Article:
26 March 2010

Alice in Wonderland

Directed by: Tim Burton
Written by: Linda Woolverton
Full credits at IMDb

Counterintuitively, if not paradoxically, CGI has had a crippling effect on Tim Burton’s imagination. Computers, you’d think, would liberate visionaries from the limitations of the real—to make the impossible possible—but often it’s those very limits that fuel the artist’s creativity. Computers eliminate the need for resourcefulness, which serves as many artists’ motivating force—Burton in particular. As anyone who’s taken a stroll through his MoMA show knows, he’s an expert craftsman and a sketchbooker of vivid inventiveness. But left to the limitless possibilities of computer animation, he proves a bland imagineer. Ones and zeroes ain’t his medium.

His Alice in Wonderland, better titled Alice’s Re-Adventures in Underland (because Burton is so Dark even his wonderlands are stripped of wonder!), is dreary, ugly and lifeless: it’s gray, despite its colors; flat, despite its three dimensions. It’s so sucked of vim that even Crispin Glover, usually irrepressibly idiosyncratic, seems diminished, reduced to the rank of just another Hollywood supporting man. Seriously—how do you make Crispin Glover dull? Burton’s mode here is predictable fantasticality, smothered by special-glasses layers of perspective. The film was shot in two dimensions and retrofitted in three—big mistake! The new technology works best in giving still shots a depth of field of which cinematographers once could only dream. But Burton’s camera doesn’t stop moving. Without planning for those extra dimensions, the action blurs, rendered as incoherent as a Christopher Nolan fight sequence.

The unimpressive, garishly dull, dizzyingly busy visuals parallel, rather than make up for (as in Avatar), the Planet of the Apes-level, by-committee screenwriting. (Screenwriter Woolverton cut her teeth on several second-Golden-Age Disney scripts.) Alice (Mia Wasikowska), here 20 years-old, is an anachronistically independent young lady who escapes her arranged-engagement-to-a-weasel proposal-ceremony (he is not literally a weasel) by falling into a hole underneath a tree; the portal, something of a birth canal, takes her to the colorless Underland, where a ragtag team of talking animals, misfits, fat heads and dissipating Cheshires is plotting to overthrow the hydrocephalic White Queen, played by Tilda Swinton Red Queen, played by Burton’s wife and muse Helena Bonham Carter, who delivers her requisite “off with their heads!” with gusto. Though pale as raw chalk—@TimBurton: Ricci 2 old? LOL—Alice’s wanness can’t compete with the Krusty-painted face of the Mad Hatter, played by Johnny Depp who, slipping in and out of a brogue, tries only to keep himself amused, like a child playing by himself in a corner.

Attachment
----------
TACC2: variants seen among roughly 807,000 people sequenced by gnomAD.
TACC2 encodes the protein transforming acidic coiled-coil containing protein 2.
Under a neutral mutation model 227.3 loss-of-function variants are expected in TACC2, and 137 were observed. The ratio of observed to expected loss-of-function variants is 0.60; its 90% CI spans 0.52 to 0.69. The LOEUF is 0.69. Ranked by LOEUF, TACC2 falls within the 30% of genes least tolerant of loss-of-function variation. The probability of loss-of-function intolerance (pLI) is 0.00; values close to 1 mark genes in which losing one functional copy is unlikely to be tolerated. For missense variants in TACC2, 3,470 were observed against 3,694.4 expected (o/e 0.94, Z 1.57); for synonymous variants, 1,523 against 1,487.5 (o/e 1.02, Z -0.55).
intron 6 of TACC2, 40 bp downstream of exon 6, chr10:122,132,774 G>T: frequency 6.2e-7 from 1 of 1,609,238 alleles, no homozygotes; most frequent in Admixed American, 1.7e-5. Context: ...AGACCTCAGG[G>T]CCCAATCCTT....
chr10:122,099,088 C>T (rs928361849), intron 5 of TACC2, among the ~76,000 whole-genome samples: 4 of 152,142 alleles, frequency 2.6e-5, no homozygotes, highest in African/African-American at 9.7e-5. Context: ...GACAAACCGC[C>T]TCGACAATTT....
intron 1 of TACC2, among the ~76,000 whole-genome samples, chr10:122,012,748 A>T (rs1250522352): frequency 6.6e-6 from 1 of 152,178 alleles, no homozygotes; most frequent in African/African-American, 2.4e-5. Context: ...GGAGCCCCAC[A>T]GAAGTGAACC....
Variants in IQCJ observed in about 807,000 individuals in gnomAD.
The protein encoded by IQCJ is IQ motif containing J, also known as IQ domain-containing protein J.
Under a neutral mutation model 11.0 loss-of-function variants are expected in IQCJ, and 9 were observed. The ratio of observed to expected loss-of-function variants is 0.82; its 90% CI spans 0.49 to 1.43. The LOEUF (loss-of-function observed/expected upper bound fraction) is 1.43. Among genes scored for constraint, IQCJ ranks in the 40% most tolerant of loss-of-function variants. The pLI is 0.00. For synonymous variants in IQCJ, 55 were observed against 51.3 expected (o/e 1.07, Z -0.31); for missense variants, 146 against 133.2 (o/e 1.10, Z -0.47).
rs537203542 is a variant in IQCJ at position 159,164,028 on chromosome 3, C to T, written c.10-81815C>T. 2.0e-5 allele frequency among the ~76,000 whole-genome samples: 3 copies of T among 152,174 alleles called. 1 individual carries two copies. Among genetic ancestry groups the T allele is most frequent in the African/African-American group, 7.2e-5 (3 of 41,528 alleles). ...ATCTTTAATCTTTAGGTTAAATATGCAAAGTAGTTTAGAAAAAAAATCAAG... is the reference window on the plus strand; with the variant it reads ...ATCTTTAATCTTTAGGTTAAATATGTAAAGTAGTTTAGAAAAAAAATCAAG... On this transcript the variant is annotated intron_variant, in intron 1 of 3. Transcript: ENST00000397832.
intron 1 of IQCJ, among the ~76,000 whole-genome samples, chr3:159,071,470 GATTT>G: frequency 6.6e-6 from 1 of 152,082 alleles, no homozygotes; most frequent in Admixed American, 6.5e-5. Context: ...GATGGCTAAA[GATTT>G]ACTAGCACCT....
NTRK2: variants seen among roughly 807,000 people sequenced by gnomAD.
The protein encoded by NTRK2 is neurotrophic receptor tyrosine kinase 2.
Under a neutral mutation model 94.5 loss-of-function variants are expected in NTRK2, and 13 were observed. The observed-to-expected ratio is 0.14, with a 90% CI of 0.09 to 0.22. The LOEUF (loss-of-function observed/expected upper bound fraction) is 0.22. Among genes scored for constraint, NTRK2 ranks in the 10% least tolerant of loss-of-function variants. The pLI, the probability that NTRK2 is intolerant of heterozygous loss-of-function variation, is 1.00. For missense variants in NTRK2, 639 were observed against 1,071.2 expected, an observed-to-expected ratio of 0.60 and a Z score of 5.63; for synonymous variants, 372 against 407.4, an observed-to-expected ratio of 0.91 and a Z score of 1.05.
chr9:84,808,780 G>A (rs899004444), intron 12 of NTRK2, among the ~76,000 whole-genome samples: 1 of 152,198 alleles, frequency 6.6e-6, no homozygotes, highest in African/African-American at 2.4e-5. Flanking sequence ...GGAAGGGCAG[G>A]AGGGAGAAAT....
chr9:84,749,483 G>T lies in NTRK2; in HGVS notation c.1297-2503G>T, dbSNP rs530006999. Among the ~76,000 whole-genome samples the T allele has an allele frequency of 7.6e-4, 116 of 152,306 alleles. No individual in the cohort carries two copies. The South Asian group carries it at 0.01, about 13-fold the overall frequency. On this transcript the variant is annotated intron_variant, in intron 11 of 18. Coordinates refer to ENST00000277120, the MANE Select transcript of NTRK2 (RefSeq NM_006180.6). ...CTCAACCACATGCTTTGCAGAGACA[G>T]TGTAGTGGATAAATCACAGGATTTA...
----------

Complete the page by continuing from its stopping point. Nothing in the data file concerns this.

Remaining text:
Burton comes off like something of a lonely child here, too, exiled from the schoolyard for punishing his playmates with torpid adaptations of their favorite adventurebooks. Is it movies like this that turn kids off to reading? Modern, English literary classics—like, say, Charlie and The Chocolate Factory—have not proved a good fit for Burton’s crassly commercial sensibilities when he’s in blockbuster mode (which seems, like, all the time), not least in the way that, in trying to add humanzing backstories to classic characters, he pushes the films way off track. At the end, Alice avoids the unattractive marriage and is offered, instead, to sail with the English to uncharted China, an opportunity for the adventure she has long been denied. Oh, so she’s off to start the Opium Wars? Hoo…ray? Grade: C-

Watch the trailer:

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